The long-awaited update from the US District Court in San Jose. Judge Edward Davila ruled last Friday limiting the specifics on Elizabeth Holmes’ lifestyle that the prosecution wanted to present as evidence. Only general evidence of Elizabeth Holmes’ Silicon Valley CEO lifestyle would be admissible. The prosecution, in his words, “Each time Holmes made an extravagant purchase, it is reasonable to infer that she knew her fraudulent activity allowed her to pay for those items,” but that “Evidence of Holmes’s wealth can be construed as ‘appeals to class prejudice’ which are considered ‘highly improper’ because they ‘may so poison the minds of jurors even in a strong case that an accused may be deprived of a fair trial.” To the judge, evidence of Holmes’ wealth and fame are not even moderately related to the intent to defraud, the last of which is the heart of the charges.
The prosecution therefore has to walk a very fine line. It’s apparently fine to say that Holmes enjoyed a luxurious lifestyle equivalent to her Silicon Valley peers, with the usual perks. But details on brands of clothing, hotels, and other specifics “outside the general nature of her position as Theranos CEO,” is beyond the scope of the trial.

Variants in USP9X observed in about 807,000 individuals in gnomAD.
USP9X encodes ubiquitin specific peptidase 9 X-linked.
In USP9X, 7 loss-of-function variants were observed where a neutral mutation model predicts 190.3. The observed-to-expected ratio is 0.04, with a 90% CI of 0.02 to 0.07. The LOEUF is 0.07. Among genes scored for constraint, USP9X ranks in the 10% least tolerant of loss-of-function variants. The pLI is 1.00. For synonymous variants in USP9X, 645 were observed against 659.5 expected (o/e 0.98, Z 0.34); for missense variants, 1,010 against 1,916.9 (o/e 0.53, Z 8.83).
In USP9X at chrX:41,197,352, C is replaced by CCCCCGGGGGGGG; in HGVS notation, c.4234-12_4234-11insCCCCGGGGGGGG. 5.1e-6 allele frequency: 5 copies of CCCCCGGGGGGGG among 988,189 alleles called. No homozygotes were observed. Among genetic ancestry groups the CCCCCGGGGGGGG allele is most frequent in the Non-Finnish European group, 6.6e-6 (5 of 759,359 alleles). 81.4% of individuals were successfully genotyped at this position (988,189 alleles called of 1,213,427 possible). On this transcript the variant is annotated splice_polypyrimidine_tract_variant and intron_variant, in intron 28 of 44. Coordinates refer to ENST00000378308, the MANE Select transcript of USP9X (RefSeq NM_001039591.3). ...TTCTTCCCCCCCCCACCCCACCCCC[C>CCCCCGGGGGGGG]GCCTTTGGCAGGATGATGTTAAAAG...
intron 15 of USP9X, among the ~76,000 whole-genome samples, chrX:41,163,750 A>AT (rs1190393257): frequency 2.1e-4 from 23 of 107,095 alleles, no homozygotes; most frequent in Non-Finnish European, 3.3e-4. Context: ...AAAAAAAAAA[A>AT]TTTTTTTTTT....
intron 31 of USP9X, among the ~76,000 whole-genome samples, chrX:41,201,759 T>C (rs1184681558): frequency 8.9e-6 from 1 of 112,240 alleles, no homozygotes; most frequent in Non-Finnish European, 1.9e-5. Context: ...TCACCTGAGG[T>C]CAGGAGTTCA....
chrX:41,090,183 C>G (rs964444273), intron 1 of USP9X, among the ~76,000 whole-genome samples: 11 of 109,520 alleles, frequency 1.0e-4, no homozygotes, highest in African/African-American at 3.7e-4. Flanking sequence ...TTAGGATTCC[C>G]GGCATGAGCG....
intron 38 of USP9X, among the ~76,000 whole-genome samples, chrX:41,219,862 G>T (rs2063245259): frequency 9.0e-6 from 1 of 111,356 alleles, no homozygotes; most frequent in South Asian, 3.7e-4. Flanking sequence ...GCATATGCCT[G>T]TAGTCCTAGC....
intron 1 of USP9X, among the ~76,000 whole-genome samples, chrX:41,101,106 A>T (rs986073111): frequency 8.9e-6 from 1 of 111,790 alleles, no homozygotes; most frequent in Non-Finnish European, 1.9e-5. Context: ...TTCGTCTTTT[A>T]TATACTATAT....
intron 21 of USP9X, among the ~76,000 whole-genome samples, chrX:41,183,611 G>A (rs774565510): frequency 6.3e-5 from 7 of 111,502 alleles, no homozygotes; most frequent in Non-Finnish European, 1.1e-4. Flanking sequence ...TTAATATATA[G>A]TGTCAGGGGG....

Judge Davila may be doing the prosecution a large favor by limiting this evidence. Too much reliance on lifestyle as the main motive to defraud is a crutch that could backfire with the jury, especially when they see in August a modestly dressed new mother Holmes. It could also open up an appeal on the basis of prejudicing the jury. To this Editor, there is abundant direct evidence of fraud of patients and investors in a technology that didn’t work, never could work, and the coverup. No need to overegg the pudding. Mercury News
And no profanity in the court! The jury will be spared the infamous employee meeting chants telling a rival testing company (Sonora Quest) and John Carreyrou of the Wall Street Journal to do something unprintable in a business article with themselves. The defense won the argument that these chants were the Silicon Valley Norm to motivate employees. Even the prosecution admitted that these might be “somewhat inflammatory”. Colorful, but inadmissible. Mercury News
And lest we forget. Holmes is facing maximum penalties of 20 years in prison and a $2.75 million fine, plus possible restitution. The trial starts 31 August. Earlier chapters of this saga are here.